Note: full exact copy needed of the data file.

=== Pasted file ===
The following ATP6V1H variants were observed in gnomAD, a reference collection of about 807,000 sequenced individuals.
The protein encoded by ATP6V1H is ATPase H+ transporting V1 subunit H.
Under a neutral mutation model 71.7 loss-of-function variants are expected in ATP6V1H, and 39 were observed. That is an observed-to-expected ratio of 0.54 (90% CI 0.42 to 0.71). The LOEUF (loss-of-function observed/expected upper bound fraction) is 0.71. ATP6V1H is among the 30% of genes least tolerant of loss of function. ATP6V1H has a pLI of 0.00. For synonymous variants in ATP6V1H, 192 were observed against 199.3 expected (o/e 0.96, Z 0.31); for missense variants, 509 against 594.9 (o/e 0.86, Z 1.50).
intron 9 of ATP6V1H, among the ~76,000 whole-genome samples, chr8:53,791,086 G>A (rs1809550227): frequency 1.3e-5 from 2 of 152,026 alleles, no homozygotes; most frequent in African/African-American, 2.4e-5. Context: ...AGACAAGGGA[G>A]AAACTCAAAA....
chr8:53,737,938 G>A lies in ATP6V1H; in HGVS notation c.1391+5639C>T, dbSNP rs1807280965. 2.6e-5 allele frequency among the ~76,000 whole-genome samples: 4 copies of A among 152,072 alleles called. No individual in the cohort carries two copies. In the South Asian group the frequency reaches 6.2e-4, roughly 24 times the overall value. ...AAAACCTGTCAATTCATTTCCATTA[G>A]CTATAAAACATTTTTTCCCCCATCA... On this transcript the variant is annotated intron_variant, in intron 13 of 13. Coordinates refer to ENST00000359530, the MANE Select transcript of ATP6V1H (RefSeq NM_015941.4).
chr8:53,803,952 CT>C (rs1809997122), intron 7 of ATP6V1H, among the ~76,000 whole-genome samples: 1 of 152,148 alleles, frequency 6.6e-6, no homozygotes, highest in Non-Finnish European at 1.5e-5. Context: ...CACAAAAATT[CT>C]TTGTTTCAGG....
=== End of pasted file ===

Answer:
The following ATP6V1H variants were observed in gnomAD, a reference collection of about 807,000 sequenced individuals.
The protein encoded by ATP6V1H is ATPase H+ transporting V1 subunit H.
Under a neutral mutation model 71.7 loss-of-function variants are expected in ATP6V1H, and 39 were observed. That is an observed-to-expected ratio of 0.54 (90% CI 0.42 to 0.71). The LOEUF (loss-of-function observed/expected upper bound fraction) is 0.71. ATP6V1H is among the 30% of genes least tolerant of loss of function. ATP6V1H has a pLI of 0.00. For synonymous variants in ATP6V1H, 192 were observed against 199.3 expected (o/e 0.96, Z 0.31); for missense variants, 509 against 594.9 (o/e 0.86, Z 1.50).
intron 9 of ATP6V1H, among the ~76,000 whole-genome samples, chr8:53,791,086 G>A (rs1809550227): frequency 1.3e-5 from 2 of 152,026 alleles, no homozygotes; most frequent in African/African-American, 2.4e-5. Context: ...AGACAAGGGA[G>A]AAACTCAAAA....
chr8:53,737,938 G>A lies in ATP6V1H; in HGVS notation c.1391+5639C>T, dbSNP rs1807280965. 2.6e-5 allele frequency among the ~76,000 whole-genome samples: 4 copies of A among 152,072 alleles called. No individual in the cohort carries two copies. In the South Asian group the frequency reaches 6.2e-4, roughly 24 times the overall value. ...AAAACCTGTCAATTCATTTCCATTA[G>A]CTATAAAACATTTTTTCCCCCATCA... On this transcript the variant is annotated intron_variant, in intron 13 of 13. Coordinates refer to ENST00000359530, the MANE Select transcript of ATP6V1H (RefSeq NM_015941.4).
chr8:53,803,952 CT>C (rs1809997122), intron 7 of ATP6V1H, among the ~76,000 whole-genome samples: 1 of 152,148 alleles, frequency 6.6e-6, no homozygotes, highest in Non-Finnish European at 1.5e-5. Context: ...CACAAAAATT[CT>C]TTGTTTCAGG....